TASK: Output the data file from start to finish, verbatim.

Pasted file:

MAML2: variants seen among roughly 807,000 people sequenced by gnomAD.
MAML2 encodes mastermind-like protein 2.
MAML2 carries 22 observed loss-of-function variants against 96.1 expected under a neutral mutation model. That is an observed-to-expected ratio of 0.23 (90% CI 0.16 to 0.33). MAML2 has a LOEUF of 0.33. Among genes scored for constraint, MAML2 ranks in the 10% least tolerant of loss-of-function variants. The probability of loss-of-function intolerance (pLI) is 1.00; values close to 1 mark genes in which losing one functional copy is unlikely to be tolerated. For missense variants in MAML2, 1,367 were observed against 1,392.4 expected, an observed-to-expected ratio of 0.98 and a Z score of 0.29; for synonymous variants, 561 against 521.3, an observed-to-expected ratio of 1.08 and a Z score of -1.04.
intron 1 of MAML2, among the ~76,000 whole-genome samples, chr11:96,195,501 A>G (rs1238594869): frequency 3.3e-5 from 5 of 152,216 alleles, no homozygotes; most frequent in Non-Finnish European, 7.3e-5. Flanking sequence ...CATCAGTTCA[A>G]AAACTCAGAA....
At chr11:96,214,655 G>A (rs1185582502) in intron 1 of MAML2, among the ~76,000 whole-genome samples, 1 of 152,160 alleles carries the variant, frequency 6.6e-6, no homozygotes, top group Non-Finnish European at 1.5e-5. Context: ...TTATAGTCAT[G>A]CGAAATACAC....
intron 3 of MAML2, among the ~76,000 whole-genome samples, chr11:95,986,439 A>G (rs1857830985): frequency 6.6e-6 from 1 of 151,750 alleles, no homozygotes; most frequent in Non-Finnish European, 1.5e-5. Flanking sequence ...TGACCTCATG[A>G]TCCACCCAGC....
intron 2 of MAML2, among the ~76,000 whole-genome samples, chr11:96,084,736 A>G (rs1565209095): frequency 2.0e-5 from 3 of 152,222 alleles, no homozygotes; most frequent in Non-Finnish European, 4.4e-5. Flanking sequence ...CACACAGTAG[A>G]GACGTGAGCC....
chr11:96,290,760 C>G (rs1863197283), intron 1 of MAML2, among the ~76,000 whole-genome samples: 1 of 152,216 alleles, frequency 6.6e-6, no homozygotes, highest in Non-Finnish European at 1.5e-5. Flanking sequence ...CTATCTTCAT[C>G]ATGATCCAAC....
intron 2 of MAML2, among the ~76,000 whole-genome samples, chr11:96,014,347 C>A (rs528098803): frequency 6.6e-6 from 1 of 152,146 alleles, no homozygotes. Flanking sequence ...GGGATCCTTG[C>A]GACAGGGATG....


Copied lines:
MAML2: variants seen among roughly 807,000 people sequenced by gnomAD.
MAML2 encodes mastermind-like protein 2.
MAML2 carries 22 observed loss-of-function variants against 96.1 expected under a neutral mutation model. That is an observed-to-expected ratio of 0.23 (90% CI 0.16 to 0.33). MAML2 has a LOEUF of 0.33. Among genes scored for constraint, MAML2 ranks in the 10% least tolerant of loss-of-function variants. The probability of loss-of-function intolerance (pLI) is 1.00; values close to 1 mark genes in which losing one functional copy is unlikely to be tolerated. For missense variants in MAML2, 1,367 were observed against 1,392.4 expected, an observed-to-expected ratio of 0.98 and a Z score of 0.29; for synonymous variants, 561 against 521.3, an observed-to-expected ratio of 1.08 and a Z score of -1.04.
intron 1 of MAML2, among the ~76,000 whole-genome samples, chr11:96,195,501 A>G (rs1238594869): frequency 3.3e-5 from 5 of 152,216 alleles, no homozygotes; most frequent in Non-Finnish European, 7.3e-5. Flanking sequence ...CATCAGTTCA[A>G]AAACTCAGAA....
At chr11:96,214,655 G>A (rs1185582502) in intron 1 of MAML2, among the ~76,000 whole-genome samples, 1 of 152,160 alleles carries the variant, frequency 6.6e-6, no homozygotes, top group Non-Finnish European at 1.5e-5. Context: ...TTATAGTCAT[G>A]CGAAATACAC....
intron 3 of MAML2, among the ~76,000 whole-genome samples, chr11:95,986,439 A>G (rs1857830985): frequency 6.6e-6 from 1 of 151,750 alleles, no homozygotes; most frequent in Non-Finnish European, 1.5e-5. Flanking sequence ...TGACCTCATG[A>G]TCCACCCAGC....
intron 2 of MAML2, among the ~76,000 whole-genome samples, chr11:96,084,736 A>G (rs1565209095): frequency 2.0e-5 from 3 of 152,222 alleles, no homozygotes; most frequent in Non-Finnish European, 4.4e-5. Flanking sequence ...CACACAGTAG[A>G]GACGTGAGCC....
chr11:96,290,760 C>G (rs1863197283), intron 1 of MAML2, among the ~76,000 whole-genome samples: 1 of 152,216 alleles, frequency 6.6e-6, no homozygotes, highest in Non-Finnish European at 1.5e-5. Flanking sequence ...CTATCTTCAT[C>G]ATGATCCAAC....
intron 2 of MAML2, among the ~76,000 whole-genome samples, chr11:96,014,347 C>A (rs528098803): frequency 6.6e-6 from 1 of 152,146 alleles, no homozygotes. Flanking sequence ...GGGATCCTTG[C>A]GACAGGGATG....